Album Review – EMA, Past Life Martyred Saints

Seeing the noise-folk band Gowns at the House of Nostromo, a dock warehouse in west Oakland, is imprinted in my memory. The place had uneven, large wooden boards for a floor and the residents built themselves rooms in each corner out of plywood. Against one warehouse wall, between two rooms, there was a small, dark stage facing a tool area for bicycle maintenance. I came to this show with a girl that had a penchant for mixing pharmaceuticals and alcohol. She stumbled around, coming in and out of consciousness, taking refuge, propped against a wall, between two of her friends while Gowns played. My date’s experience was likely similar to what Erika Anderson of Gowns experienced (or currently is experiencing) in her own turbulent youth, listing off drugs, describing the trips, and filling the wood putty of her numb existence into a hole. Anderson and Ezra Buchla, the other member of gowns and son of synthesizer god Don Buchla, only had one standalone album. It was called Red State and seemed to be created by bitter winters and upheld by the inevitable pillars of drugs. From the time of my introduction to Red State it was forever on reserve for bad weather, depression, and solitude. Gowns are no longer but Anderson still makes strung out folk songs under a solo project called EMA.

In her to be released album Past Life Martyred Saints (May 10th, 2011), EMA keeps the singer-songwriter ethic that was present in between synthesizer excursions and post-production noises present on Red State. With acoustic guitar and synthesizer accompaniment, Anderson still relishes the emotionally strained vocal style that’s one part too many cigarettes and one part internal anguish. Her songs don’t lead, they pull, not dragging, but in the sense that Anderson exhibits a confidence which doesn’t leave one much time to decide whether or not to follow. The second song, “California,” is an anthem trading the place that many of us share with Anderson for nostalgia. I can hardly think of two bad things to say about California but when Anderson chimes in with the words “Fuck California,” I begin to mull over California’s various merits and whether or not I like Mexican food that much. Still, Anderson seems to have a soft spot for her past life and old friends, martyred saints, and the song evokes thoughts of past lives with schizophrenic companions amidst the mediocrity of a small, Midwest town.

There are a few gems on Past Life Martyred Saints. “Marked” is a beautiful song, first officially released on the 2009 part live, part studio Broken Bones LP. The original “Marked” was a powerful, multi-instrumental hymn. The new recording is more lo-fi, backed by acoustic guitars, and it leaves enough space for Anderson to lay out her fragility before the distorted, crushed background synthesizer crumbles in.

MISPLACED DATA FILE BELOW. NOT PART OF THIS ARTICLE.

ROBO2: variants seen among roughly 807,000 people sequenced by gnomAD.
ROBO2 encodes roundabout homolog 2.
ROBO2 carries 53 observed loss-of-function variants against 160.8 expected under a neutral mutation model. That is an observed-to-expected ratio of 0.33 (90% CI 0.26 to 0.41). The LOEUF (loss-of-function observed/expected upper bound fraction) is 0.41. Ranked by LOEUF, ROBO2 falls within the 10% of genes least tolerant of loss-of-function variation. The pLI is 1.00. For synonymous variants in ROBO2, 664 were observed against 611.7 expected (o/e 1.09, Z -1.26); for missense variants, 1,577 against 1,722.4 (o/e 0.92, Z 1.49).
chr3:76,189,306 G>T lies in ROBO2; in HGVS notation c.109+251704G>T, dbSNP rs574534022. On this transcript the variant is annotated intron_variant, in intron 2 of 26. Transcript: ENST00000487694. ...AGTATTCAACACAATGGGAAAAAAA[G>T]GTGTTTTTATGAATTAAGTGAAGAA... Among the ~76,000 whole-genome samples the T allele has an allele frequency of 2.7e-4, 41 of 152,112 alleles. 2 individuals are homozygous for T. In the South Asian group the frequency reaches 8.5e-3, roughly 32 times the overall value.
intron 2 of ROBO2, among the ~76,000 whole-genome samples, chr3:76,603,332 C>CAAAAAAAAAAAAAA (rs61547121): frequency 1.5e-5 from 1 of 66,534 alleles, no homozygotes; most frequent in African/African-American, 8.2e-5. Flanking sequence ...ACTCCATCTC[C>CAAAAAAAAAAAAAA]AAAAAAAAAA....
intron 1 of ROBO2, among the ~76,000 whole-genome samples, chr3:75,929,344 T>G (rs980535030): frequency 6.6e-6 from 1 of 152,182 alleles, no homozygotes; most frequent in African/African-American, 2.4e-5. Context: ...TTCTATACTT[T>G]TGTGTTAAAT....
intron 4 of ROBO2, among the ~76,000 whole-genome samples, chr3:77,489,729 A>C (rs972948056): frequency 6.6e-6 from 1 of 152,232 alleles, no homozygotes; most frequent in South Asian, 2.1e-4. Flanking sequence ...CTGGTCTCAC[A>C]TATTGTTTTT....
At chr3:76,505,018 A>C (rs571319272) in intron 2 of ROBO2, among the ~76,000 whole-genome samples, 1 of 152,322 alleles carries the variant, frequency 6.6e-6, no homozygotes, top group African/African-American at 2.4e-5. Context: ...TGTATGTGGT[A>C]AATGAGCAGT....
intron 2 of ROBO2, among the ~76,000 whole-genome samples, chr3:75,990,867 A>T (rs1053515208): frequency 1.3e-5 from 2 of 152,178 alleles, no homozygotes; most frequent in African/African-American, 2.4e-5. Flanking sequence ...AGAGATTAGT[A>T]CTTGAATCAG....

“Marked” and “California” are great songs but what really gets to me about Past Life is that it is chock full of chants. Here they are in their full glory and you can be the judge:

Grey Ship: I hear a choir, I hear a symphony

California: I used to carry the gun

Anteroom: if this time through we don’t get it right. I’ll come back to you in another life.

Marked: I wish that every time he touched me made a mark

Breakfast: Mama’s in the bedroom, don’t you stop / you feel just like a priest to me

Butterfly Knife: take the hair and turn it white

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4 Responses to “Album Review – EMA, Past Life Martyred Saints”
  1. zmfrederick says:

    Nice dude. Well-written. Best Yet? I think it just might be.

  2. Great review Pink.

    If anyone missed the last Gowns song you should head over to EMA’s blog and check it out. The song is called Stand and Encounter – it slays.

    http://cameouttanowhere.com/2010/02/05/gowns-final-release/

  3. Zack F. says:

    ANTEROOM
    “There’s a lot of alt-rock DNA in this song — the style of melody, the guitar style, the tone of the lyrics — so it’s disconcerting when the drums kick in and sound totally awful. I mean, the performance is fine, but the recording is horrible and inept. In my mind, I can hear very clearly what this would have sounded like if it had been recorded by, say, Steve Albini, and the gap between that ideal and what is actually on EMA’s record is enough to aggravate me and make me like this record less than I would otherwise. (Which is to say, a LOT.) Everything else about this song is clever and wonderful. Why would anyone choose to undermine their composition with such a pathetic excuse for drum engineering? I don’t think it adds anything to the atmosphere, it just sounds shoddy and limp. There are moments in this song that should have some cathartic power, and here it just seems like that impulse is thwarted. I can only hope that was precisely the effect she was going for, but even then I think that could have been more fully realized by a skilled engineer. So frustrating!”

    —Matthew Perpetua.

    And he’s right. I didn’t notice this before but the drums on “Anteroom” are terrible. Just terrible.

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  • AMF Mag

    Started in early 2011, AMF Magazine is a collective of post-college writers living in California. AMF was created to provide a forum for discussion of contemporary music and to give praise where praise is due.
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